The major muscles worked in the Squat are Gluteus Maximus, Hamstrings, Quadriceps, Gastrocnemius, and Soleus.

This exercise develops strength and endurance of the lower body.

Overview: With feet shoulder-width apart, point toes straight ahead. Contract abs. As you lower, inhale and keep looking straight ahead, chest stays lifted while you move your hip and tailbone back. Your back goes along for the ride.  Lower to no more than a 90° angle. On the return, exhale as you lift with the legs and buttocks. Keep heels on the ground.  If you are experiencing knee pain, lower the amount of weight you use or use none at all and increase the number of repetitions. See below for a more detailed explanation of this exercise.

Position: Feet are shoulder-width apart and toes point straight ahead. Some people prefer to point the toes slightly outward.  Take care to align your knees in the same direction as your toes. Hands are pronated and slightly wider than shoulder-width if you are using a barbell.  The barbell rests on the posterior deltoids.  Pelvis, neck, spine and scapulae (shoulder blades) are in neutral.  Contract abdominals.  Keep knees soft.

Movement: Inhale as you lower weight. Shift the hips and pelvis back, this keeps your knees back and prevents them from overshooting your toes.  The spine, neck, and scapulae are kept in a fixed position as you lower.  Keep the chest lifted, and head in line with the spine (eyes look forward). Lower until thighs are almost parallel to the floor or no lower than a 90° angle*. On the return movement, keep the heels down and lift with the legs and buttocks, exhale and extend knees and hip and bring pelvis back to the neutral position.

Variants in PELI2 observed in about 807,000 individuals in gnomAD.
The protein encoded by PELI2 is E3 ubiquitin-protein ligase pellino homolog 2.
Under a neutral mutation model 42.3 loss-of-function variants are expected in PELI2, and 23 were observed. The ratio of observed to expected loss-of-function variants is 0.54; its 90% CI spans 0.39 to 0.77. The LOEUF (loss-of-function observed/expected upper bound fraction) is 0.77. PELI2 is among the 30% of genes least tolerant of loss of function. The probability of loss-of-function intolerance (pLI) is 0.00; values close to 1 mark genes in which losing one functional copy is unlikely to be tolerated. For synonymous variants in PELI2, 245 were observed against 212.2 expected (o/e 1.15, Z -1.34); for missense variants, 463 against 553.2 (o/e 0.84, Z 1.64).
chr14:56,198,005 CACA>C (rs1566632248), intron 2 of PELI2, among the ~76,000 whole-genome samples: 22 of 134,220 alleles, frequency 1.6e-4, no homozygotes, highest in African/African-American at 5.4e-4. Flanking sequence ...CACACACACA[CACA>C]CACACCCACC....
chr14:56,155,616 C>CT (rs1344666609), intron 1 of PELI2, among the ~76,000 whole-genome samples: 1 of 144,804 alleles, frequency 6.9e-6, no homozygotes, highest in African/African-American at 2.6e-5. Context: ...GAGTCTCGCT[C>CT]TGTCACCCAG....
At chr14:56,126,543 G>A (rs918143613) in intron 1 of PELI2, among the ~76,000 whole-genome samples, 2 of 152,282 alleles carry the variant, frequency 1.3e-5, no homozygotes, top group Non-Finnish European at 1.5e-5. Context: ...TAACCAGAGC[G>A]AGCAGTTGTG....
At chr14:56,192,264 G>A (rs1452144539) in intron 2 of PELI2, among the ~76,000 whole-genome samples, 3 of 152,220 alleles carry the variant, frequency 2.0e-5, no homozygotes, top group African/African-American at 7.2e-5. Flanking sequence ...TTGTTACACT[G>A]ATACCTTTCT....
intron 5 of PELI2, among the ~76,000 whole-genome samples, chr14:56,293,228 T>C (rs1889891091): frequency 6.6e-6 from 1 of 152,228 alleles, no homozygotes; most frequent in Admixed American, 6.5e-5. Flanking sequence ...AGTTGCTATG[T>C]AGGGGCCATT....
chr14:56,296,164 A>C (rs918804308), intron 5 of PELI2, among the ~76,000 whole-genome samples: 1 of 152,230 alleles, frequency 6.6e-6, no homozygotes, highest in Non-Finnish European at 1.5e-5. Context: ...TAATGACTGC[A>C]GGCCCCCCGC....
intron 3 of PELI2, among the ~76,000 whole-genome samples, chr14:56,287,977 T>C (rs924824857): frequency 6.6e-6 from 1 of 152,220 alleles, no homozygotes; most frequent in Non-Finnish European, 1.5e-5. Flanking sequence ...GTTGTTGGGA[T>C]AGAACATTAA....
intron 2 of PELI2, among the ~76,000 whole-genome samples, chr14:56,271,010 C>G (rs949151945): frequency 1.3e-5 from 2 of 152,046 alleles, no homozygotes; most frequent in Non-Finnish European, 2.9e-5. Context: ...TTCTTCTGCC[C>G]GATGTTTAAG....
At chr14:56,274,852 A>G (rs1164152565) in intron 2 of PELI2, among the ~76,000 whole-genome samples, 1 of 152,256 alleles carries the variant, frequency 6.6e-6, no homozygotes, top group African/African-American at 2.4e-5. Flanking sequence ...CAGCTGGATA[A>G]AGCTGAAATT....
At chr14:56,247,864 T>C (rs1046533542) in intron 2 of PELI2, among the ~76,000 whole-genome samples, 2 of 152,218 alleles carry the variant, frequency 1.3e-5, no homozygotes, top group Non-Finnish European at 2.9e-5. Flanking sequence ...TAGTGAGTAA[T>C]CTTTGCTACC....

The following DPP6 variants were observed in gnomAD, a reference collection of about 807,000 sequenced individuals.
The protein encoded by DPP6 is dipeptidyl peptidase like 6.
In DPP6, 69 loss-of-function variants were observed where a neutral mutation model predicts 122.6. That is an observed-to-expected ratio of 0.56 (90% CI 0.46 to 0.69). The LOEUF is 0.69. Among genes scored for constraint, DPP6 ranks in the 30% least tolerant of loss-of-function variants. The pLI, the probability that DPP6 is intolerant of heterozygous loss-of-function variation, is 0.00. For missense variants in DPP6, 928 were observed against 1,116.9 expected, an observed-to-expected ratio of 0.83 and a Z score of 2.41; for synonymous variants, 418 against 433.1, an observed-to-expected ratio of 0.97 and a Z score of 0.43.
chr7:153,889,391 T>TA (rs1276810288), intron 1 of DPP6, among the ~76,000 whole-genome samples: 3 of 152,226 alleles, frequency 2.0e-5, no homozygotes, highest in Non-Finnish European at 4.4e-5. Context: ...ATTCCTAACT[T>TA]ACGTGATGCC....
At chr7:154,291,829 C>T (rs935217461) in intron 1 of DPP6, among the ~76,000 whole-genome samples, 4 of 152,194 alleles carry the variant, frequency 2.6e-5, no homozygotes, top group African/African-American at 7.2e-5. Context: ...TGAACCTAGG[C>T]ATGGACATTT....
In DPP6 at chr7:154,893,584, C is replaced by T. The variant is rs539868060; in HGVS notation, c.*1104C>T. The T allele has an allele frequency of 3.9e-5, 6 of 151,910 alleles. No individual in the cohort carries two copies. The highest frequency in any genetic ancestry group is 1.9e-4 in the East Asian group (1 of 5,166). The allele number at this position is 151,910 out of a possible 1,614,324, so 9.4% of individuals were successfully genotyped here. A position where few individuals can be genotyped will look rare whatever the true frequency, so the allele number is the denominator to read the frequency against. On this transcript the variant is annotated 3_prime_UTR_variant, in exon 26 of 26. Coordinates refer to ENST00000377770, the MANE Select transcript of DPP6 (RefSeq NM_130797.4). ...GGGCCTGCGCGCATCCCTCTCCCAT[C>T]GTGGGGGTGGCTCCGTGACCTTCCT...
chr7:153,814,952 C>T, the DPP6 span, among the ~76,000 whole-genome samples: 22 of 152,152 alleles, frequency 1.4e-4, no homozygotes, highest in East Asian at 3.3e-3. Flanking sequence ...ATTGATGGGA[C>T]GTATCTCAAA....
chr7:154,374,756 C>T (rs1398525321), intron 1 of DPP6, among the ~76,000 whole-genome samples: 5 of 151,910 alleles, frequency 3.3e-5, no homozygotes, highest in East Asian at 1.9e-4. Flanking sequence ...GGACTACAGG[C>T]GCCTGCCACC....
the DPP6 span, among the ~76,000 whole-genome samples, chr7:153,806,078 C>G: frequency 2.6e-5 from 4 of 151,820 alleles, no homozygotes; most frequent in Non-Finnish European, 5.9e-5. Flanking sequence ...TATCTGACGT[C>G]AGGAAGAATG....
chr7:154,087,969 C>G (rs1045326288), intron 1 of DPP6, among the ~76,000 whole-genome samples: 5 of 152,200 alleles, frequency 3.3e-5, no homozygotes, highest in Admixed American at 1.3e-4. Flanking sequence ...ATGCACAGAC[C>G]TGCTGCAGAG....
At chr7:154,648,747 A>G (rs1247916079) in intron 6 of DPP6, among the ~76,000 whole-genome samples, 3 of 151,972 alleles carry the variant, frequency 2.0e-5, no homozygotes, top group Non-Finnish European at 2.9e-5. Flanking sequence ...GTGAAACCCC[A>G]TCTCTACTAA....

Common errors:
– Hyper-extended neck
– knees overshoot toes
– knees torque (fail to stay in line with toes)
– spine flexes forward
– improper hip hinge (tailbone should point back)
– heels lift off floor on return

* In the above diagram, the correct squat is shown with an angle deeper than ninety degrees. Lowering below 90° places stress on the knee-joint.  Although it is not an incorrect move, it is not generally recommended.

Opposing exercises: With squats, you are working both the quadriceps and hamstrings which oppose each other! This exercise is great for the abs as well!

Progression: (to name just a few) squat followed by heel raise, wall squat with raised leg, single-leg squat, plyometric squat (jump squat)

If you would like further progression advice, please leave a comment ….